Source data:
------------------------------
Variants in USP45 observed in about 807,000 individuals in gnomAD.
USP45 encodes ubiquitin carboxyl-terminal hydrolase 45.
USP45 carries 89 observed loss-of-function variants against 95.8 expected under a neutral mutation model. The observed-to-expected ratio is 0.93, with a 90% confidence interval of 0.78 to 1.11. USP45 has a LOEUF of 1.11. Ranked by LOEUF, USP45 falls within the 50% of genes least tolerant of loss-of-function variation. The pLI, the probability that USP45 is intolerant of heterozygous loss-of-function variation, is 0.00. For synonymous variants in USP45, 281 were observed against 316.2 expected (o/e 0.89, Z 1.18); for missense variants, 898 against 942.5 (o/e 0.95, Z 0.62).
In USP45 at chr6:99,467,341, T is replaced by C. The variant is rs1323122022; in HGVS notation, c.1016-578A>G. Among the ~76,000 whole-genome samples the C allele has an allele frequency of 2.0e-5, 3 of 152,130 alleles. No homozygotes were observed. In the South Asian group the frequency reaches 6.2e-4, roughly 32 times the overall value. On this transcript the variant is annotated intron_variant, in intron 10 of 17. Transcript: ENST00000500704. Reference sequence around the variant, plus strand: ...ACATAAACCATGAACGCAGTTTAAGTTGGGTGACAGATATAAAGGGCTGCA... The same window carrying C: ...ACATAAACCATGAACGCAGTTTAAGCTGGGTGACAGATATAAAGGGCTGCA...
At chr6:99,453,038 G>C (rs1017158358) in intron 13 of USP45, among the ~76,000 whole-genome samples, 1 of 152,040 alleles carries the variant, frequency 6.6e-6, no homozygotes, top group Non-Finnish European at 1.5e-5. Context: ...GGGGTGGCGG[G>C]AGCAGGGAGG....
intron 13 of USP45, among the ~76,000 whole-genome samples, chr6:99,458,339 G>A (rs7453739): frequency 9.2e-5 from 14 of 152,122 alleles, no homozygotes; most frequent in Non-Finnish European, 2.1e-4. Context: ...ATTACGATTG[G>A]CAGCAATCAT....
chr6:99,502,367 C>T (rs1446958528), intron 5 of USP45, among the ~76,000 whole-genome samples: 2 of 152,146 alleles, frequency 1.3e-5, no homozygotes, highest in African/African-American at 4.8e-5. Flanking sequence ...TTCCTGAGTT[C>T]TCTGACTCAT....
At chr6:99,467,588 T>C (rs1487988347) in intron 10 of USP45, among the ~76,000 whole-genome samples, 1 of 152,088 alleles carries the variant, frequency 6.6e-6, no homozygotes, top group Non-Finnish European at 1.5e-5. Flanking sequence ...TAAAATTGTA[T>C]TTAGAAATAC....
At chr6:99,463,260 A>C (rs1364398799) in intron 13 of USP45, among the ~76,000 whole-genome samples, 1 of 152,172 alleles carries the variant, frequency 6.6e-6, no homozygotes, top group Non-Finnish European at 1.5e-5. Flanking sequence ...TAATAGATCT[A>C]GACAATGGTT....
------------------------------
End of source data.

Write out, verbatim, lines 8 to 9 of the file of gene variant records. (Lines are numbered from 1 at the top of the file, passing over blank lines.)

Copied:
At chr6:99,467,588 T>C (rs1487988347) in intron 10 of USP45, among the ~76,000 whole-genome samples, 1 of 152,088 alleles carries the variant, frequency 6.6e-6, no homozygotes, top group Non-Finnish European at 1.5e-5. Flanking sequence ...TAAAATTGTA[T>C]TTAGAAATAC....
At chr6:99,463,260 A>C (rs1364398799) in intron 13 of USP45, among the ~76,000 whole-genome samples, 1 of 152,172 alleles carries the variant, frequency 6.6e-6, no homozygotes, top group Non-Finnish European at 1.5e-5. Flanking sequence ...TAATAGATCT[A>C]GACAATGGTT....